Welcome‎ > ‎Other Works, external‎ > ‎

Articles on Art and the Arts

  • Rape, New Criticism and the Humanities Core Course - Jack Miles looks at rape in literature and the intended effects of the authors in light of the old theory of New Criticism, from UCI's website, February 2, 2017.
  • Poetry as Nonfiction - How to classify poetry, with some help from Pope, published in Poetry magazine November 20th, 2007.
  • Better Living Through Art - Russia's economy is in shambles, and its social system is controlled by criminals; some are proclaiming that Russia is finished as a force in the world. Russian art, on the other hand, after a difficult decade, seems to be doing better and better. Can Russia-the-country learn some lessons from Russia-the-art? By Jack Miles & Douglas McLennan, from Arts Journal's Arts Watch, published June 6, 2001.
  • In Country - The Battle for National Cultures - Canadian support for their own culture may seem impressive from the outside, but take away the loaded deck and what's left? Are cultural subsidies the only way to preserve national cultures? By Jack Miles & Douglas McLennan, from Arts Journal's Arts Watch, published May 9, 2001.
  • Global Crossing - Countries around the world struggle to shore up their local cultures in the face of pervasive and seductive American popular culture. Are Americans the bad guys? Part I - The Movies. By Jack Miles & Douglas McLennan, from Arts Journal's Arts Watch, published April 27, 2001.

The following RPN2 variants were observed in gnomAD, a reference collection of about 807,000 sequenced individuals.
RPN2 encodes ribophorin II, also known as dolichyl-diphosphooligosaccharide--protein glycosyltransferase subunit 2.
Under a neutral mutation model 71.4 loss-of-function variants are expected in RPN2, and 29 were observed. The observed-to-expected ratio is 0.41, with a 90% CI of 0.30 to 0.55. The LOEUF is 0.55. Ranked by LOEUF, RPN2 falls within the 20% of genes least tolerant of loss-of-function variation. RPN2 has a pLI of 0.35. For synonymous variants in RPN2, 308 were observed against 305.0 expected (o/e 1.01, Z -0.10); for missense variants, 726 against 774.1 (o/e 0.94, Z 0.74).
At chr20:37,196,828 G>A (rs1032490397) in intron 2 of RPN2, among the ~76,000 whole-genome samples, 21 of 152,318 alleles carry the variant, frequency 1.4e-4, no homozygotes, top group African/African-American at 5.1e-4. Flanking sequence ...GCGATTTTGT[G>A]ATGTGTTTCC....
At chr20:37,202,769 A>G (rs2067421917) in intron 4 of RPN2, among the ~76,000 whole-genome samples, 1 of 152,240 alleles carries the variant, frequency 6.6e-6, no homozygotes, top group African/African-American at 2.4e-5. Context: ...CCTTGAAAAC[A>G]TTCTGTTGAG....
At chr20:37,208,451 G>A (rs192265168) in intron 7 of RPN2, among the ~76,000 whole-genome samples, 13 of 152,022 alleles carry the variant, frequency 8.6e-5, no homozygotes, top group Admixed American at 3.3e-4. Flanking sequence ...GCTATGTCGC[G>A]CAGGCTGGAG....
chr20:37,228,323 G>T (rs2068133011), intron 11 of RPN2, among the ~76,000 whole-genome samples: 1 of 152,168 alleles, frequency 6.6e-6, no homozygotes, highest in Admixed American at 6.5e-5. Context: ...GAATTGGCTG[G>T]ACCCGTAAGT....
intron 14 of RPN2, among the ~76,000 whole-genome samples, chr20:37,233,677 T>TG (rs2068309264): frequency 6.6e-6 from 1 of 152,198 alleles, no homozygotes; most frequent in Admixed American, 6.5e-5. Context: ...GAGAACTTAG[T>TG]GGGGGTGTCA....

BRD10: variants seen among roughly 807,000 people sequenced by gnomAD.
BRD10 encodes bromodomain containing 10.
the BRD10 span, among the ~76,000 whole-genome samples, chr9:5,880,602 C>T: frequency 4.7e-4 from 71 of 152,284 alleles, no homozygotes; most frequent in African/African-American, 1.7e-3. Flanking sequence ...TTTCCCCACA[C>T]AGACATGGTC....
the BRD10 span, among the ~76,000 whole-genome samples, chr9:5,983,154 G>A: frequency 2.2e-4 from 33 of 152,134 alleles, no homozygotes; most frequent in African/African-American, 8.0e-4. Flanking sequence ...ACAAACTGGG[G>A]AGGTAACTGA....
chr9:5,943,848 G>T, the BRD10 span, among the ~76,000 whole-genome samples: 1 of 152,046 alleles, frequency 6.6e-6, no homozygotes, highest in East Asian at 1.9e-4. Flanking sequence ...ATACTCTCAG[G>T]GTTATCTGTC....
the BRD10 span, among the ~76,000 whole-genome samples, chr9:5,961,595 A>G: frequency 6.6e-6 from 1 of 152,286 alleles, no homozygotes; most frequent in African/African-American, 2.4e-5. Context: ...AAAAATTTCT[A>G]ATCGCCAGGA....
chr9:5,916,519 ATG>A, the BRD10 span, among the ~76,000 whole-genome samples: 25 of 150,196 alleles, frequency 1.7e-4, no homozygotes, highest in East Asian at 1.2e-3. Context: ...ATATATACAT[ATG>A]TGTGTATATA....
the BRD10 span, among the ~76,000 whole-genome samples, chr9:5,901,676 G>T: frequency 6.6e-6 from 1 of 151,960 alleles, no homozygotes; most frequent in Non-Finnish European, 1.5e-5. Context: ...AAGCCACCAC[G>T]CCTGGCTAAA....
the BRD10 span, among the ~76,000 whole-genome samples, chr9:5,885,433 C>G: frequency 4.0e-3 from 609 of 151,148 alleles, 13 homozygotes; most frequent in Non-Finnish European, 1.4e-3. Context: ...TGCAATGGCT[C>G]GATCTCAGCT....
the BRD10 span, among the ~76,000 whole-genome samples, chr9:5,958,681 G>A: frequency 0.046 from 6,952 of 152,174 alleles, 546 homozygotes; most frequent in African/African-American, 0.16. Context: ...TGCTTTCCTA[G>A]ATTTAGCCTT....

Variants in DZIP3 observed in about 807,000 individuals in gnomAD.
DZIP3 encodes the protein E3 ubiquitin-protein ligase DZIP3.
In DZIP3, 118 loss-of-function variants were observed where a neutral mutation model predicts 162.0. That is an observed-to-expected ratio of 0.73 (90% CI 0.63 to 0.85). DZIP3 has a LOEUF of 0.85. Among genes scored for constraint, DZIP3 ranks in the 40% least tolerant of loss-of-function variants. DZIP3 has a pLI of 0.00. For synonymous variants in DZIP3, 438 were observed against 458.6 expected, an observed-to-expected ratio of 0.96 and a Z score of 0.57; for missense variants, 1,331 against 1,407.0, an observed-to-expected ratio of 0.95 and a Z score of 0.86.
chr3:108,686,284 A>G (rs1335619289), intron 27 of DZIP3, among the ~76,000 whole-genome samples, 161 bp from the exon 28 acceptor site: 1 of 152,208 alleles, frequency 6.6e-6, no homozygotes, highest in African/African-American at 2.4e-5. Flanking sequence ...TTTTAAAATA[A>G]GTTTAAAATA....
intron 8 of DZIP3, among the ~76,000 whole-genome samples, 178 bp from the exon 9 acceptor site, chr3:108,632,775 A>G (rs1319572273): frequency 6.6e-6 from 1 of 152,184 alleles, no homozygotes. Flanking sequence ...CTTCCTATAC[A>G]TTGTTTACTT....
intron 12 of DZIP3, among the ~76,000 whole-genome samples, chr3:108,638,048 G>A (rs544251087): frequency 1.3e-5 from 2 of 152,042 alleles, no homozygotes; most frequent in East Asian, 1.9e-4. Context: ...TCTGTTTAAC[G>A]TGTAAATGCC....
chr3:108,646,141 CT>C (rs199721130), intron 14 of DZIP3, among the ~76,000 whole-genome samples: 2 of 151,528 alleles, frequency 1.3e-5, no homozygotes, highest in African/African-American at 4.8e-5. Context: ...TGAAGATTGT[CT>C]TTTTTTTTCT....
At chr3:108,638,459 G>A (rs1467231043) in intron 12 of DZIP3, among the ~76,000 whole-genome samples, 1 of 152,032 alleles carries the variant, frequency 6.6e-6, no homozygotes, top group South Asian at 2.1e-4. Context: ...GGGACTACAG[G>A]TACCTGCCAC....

• The Next Big Thing? - Some critics say there's no such thing as digital art. Some museums and curators say different. Now that digital has hit the Whitney and SFMOMA, can artworld credibility be far behind? By Jack Miles & Douglas McLennan, from Arts Journal's Arts Watch, published April 18, 2001.
  • Going Off-Script - What if TV and movie writers go out on strike and no one notices? Fact is - no one will. If last summer's Screen Actors Guild strike was any indication, viewers aren't likely to care - or even notice - if movie writers go out on strike next month. Nothing against writers, but movies are about a lot more than the script. By Jack Miles & Douglas McLennan, from Arts Journal's Arts Watch, published April 13, 2001.
  • The Dance Problem - Archaeologists suggest that dance may be the oldest art form. But of all the major arts, dance seems to struggle the most to survive. Is it somehow a lesser art? By Jack Miles & Douglas McLennan, from Arts Journal's Arts Watch, published April 6, 2001.
  • The Politics of Saving Art - The urge to conserve works of art is powerful (witness worldwide outcries over the Taliban's destruction of art). But increasingly the question has to be asked: Conserve what? And for what? Conservation often has more to do with the present than the past. By Jack Miles & Douglas McLennan, from Arts Journal's Arts Watch, published April 4, 2001.
  • Portrait of the Artist as an Iconoclast - In the art world, irreverence sells, but reverence sells better, published on Beliefnet April, 2001.